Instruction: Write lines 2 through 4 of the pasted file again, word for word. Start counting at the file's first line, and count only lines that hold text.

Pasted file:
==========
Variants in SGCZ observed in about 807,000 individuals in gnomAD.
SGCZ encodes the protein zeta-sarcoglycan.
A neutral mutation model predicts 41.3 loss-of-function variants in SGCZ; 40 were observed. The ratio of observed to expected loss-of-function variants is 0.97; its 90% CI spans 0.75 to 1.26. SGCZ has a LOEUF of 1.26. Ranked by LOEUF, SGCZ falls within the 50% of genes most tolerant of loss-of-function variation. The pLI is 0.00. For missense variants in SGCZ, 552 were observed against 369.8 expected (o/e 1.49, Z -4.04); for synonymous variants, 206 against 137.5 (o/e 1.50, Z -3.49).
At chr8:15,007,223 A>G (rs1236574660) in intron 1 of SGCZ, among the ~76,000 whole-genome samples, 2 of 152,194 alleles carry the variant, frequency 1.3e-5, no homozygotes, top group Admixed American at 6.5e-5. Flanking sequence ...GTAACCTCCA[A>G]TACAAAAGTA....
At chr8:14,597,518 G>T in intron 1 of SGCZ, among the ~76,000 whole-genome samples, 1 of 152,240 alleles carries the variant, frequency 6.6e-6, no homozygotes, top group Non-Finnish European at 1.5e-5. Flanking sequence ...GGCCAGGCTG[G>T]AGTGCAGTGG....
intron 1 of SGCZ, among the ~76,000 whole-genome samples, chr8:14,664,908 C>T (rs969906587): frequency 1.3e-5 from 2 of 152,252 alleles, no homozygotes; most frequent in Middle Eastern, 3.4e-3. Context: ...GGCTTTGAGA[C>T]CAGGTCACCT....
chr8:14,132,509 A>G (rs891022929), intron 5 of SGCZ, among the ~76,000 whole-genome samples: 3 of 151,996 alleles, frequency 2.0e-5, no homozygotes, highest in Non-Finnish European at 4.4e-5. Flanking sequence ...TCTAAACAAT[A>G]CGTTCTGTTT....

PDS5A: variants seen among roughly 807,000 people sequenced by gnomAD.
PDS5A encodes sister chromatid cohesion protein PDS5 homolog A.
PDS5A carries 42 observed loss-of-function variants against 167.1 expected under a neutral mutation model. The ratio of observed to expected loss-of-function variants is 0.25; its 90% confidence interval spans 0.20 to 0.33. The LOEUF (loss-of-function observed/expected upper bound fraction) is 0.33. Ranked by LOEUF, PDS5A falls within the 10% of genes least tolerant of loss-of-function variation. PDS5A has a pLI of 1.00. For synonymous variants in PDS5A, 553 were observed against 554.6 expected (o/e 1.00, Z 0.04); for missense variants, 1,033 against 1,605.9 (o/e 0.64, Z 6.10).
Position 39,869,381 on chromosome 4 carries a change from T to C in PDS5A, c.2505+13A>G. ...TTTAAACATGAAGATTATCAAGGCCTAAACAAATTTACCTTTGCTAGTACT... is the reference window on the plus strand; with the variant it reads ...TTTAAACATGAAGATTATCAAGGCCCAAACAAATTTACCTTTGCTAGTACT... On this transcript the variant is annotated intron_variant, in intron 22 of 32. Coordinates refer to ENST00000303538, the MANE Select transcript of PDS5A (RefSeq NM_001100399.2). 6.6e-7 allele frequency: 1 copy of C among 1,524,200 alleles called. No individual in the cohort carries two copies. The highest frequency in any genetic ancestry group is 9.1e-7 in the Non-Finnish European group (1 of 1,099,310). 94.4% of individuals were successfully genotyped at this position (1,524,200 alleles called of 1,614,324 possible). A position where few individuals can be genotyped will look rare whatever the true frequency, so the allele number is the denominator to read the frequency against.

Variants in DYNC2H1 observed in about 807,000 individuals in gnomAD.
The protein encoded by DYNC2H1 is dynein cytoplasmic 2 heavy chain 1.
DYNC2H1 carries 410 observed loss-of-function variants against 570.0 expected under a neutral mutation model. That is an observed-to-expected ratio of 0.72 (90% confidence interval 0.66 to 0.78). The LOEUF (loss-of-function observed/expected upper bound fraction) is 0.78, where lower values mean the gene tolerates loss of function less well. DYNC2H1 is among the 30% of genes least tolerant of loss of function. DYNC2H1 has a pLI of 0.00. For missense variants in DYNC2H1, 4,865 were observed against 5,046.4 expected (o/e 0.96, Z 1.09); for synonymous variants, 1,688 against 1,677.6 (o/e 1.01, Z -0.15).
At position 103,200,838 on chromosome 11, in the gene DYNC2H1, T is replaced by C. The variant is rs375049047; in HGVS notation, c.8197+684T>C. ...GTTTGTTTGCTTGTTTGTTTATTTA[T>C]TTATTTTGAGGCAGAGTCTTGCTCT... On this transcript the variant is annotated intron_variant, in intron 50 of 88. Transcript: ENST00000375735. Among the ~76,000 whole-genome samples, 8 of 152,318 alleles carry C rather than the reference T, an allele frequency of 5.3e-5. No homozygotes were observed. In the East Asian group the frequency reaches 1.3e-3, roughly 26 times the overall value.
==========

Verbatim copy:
SGCZ encodes the protein zeta-sarcoglycan.
A neutral mutation model predicts 41.3 loss-of-function variants in SGCZ; 40 were observed. The ratio of observed to expected loss-of-function variants is 0.97; its 90% CI spans 0.75 to 1.26. SGCZ has a LOEUF of 1.26. Ranked by LOEUF, SGCZ falls within the 50% of genes most tolerant of loss-of-function variation. The pLI is 0.00. For missense variants in SGCZ, 552 were observed against 369.8 expected (o/e 1.49, Z -4.04); for synonymous variants, 206 against 137.5 (o/e 1.50, Z -3.49).
At chr8:15,007,223 A>G (rs1236574660) in intron 1 of SGCZ, among the ~76,000 whole-genome samples, 2 of 152,194 alleles carry the variant, frequency 1.3e-5, no homozygotes, top group Admixed American at 6.5e-5. Flanking sequence ...GTAACCTCCA[A>G]TACAAAAGTA....